4 Quick Questions with Collete English Dixon

REIT magazine: September/October 2020

Collete English Dixon, Executive Director of the Marshall Bennett Institute of Real Estate at Roosevelt University, is the first woman of color to lead a university real estate program in the United States.

Why do you think minorities, especially African Americans, have been underrepresented in this industry?

This industry is very hard to understand or access unless you have a foundation of relationships, capital, or exposure. As we’re trying to build a pipeline of diverse talent for this industry, one of the things we find most daunting is the lack of awareness of what the industry is about, how to engage in it, and what you need to know to be successful. If we are better at sharing that knowledge and providing access to those opportunities, we will see a more diverse industry going forward.

How diverse is your student body and how have they fared during this crisis?

Our Master of Science in Real Estate (MSRE) program has always been at least 50/50 from a gender perspective and often at least 50% Black and people of color. At the undergraduate level, the real estate major is about 40% female and 60% male, but is not as diverse, racially or ethnically, as I’d like it to be.

Our graduate-level student body is well-positioned to help increase diversity in the industry. However, a number of our graduates have been furloughed or their roles have been terminated. We’ve also had internships disappear for some of our students, so we have not been able to add that experience to their education during this crisis.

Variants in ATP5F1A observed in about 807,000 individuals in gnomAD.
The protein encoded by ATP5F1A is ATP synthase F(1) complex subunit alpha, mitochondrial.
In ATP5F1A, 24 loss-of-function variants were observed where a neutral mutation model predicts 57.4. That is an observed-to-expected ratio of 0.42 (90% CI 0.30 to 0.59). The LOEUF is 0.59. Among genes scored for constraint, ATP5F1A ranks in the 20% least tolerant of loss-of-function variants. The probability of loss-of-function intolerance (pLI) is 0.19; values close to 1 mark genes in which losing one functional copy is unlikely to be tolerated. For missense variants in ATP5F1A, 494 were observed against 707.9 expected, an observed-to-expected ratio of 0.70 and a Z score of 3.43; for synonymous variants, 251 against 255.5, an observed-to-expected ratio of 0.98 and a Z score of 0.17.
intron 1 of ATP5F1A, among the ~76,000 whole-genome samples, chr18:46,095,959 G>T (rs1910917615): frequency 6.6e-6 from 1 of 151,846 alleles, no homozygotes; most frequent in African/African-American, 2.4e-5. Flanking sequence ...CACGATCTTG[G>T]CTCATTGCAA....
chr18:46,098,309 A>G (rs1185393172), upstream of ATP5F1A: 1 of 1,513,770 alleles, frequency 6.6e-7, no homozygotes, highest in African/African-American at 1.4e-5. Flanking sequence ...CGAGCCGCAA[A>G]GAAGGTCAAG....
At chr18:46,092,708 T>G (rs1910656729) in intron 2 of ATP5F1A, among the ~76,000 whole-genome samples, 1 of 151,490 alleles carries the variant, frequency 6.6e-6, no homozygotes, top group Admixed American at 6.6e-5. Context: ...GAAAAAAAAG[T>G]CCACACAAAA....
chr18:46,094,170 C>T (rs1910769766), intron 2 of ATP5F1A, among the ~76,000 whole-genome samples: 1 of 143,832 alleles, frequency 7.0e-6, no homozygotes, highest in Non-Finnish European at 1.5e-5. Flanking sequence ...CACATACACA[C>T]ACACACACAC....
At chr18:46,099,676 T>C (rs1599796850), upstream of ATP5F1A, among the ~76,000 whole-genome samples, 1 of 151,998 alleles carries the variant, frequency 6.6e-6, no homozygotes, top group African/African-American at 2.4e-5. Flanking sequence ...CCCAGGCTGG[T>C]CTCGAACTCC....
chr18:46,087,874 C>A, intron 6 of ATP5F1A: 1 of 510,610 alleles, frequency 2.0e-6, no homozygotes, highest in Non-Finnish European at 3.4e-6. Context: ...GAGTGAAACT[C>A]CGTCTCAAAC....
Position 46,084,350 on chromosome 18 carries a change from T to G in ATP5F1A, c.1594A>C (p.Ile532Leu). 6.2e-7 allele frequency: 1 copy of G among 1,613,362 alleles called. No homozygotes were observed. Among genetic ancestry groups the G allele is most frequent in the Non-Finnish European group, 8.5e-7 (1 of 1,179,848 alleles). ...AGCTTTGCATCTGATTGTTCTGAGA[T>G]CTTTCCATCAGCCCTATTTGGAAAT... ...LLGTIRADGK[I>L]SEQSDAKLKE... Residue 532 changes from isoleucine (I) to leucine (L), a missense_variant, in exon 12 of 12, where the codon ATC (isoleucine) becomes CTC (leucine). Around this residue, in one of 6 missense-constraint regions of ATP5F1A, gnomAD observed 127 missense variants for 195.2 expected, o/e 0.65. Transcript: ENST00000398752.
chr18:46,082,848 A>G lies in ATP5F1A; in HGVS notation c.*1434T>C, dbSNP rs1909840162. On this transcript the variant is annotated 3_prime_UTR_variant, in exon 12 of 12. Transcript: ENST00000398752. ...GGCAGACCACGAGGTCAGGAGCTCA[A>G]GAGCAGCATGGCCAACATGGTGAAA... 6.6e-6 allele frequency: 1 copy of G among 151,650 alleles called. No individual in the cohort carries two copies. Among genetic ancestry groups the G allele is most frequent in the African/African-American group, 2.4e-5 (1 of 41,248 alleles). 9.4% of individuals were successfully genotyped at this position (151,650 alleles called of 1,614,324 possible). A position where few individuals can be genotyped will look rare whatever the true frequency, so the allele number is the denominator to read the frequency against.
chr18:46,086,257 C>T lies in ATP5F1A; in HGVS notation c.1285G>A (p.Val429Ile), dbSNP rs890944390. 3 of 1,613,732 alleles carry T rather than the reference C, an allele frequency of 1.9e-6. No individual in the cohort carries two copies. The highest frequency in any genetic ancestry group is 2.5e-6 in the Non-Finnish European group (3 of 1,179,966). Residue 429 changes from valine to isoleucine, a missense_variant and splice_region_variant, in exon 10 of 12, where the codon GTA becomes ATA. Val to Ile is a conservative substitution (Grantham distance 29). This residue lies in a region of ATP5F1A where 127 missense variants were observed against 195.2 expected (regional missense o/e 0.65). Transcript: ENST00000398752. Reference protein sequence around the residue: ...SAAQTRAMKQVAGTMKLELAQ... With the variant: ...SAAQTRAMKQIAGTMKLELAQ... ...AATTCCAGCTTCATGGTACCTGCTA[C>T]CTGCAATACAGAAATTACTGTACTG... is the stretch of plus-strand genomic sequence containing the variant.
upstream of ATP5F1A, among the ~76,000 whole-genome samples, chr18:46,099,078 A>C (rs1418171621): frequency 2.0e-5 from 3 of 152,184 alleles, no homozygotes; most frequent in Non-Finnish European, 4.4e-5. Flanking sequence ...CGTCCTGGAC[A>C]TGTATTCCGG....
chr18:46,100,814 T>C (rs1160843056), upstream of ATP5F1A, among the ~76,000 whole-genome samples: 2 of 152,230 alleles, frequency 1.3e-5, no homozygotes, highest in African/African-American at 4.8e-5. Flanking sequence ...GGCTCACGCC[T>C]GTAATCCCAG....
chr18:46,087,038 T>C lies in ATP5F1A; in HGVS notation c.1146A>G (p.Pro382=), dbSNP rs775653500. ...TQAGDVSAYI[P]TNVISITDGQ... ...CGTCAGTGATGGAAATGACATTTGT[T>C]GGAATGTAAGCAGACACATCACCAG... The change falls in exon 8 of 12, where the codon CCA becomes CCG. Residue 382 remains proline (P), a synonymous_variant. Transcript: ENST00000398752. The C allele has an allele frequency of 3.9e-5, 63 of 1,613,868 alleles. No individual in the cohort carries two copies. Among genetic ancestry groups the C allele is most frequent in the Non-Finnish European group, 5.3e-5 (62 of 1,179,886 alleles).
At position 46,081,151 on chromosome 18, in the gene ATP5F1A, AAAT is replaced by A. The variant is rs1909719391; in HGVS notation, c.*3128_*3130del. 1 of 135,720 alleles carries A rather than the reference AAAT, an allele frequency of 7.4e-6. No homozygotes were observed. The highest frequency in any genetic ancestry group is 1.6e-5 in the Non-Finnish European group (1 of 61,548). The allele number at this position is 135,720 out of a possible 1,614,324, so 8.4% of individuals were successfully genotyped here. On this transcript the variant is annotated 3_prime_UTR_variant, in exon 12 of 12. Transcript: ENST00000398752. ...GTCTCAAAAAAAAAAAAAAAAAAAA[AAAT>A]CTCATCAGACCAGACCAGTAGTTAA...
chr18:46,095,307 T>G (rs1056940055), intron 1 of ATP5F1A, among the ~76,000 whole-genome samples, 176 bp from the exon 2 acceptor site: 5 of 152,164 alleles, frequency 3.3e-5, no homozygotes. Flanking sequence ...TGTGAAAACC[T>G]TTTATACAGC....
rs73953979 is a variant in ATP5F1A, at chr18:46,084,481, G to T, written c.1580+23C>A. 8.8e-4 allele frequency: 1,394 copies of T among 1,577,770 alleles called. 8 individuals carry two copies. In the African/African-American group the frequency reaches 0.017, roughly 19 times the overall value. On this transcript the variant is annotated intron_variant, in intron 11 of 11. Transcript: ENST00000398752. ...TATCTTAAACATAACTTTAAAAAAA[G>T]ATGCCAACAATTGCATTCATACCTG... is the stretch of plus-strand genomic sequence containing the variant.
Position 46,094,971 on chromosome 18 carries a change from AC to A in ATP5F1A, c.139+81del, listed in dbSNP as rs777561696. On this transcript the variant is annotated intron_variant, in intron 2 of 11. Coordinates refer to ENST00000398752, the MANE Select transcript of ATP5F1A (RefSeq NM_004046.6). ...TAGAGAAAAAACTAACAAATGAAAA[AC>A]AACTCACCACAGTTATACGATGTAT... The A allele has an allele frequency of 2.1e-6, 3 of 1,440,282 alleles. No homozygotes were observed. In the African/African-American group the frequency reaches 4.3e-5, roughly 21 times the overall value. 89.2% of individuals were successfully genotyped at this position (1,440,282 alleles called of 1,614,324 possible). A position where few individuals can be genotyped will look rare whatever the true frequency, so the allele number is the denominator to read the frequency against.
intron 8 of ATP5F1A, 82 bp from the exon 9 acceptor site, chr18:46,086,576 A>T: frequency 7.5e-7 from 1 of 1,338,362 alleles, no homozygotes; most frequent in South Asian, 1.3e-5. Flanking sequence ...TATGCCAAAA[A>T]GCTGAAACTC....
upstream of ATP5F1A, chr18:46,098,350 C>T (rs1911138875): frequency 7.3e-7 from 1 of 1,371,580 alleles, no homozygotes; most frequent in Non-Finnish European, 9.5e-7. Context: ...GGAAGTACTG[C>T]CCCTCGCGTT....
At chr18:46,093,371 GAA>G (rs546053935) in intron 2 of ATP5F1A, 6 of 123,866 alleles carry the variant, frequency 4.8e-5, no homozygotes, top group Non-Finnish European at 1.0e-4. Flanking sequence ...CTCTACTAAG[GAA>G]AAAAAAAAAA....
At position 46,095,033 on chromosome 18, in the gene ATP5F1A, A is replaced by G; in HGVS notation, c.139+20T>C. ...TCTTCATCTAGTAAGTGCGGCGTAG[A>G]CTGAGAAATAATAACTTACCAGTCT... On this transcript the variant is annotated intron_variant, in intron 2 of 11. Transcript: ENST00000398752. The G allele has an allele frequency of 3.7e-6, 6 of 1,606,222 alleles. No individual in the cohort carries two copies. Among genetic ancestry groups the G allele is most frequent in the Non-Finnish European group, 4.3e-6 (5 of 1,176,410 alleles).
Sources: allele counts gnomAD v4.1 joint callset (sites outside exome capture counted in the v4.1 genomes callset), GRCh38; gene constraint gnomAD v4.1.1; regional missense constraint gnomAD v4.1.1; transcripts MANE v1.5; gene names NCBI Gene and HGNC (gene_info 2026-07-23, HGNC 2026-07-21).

Will the state of the economy make it harder for minority students to break into commercial real estate?

It’s going to be hard for everybody, but this recession will make it harder on Blacks and people of color because it’s just the way the system has been—minorities have less contacts, less capital, and less opportunities. But, I believe the conversations we’re having now that have been triggered by some of the issues around social justice and systemic racism will at least make sure that minorities who want to be in this industry will get better consideration. If we can be assured that the considerations for hiring are fair, at least minorities will not be even further behind because of the economic uncertainties.

Can the focus on social justice issues bring about real change in the commercial real estate industry?

Today’s social justice issues are spurring conversations about how to level the playing field, how companies in commercial real estate can take steps to make a difference, and how to use this occasion to change the structures that have limited opportunity. That would really be an incredible outcome. We are better positioned than ever before to actually create real change in the commercial real estate industry.

Read more from September/October issue of REIT magazine, available now in an interactive PDF.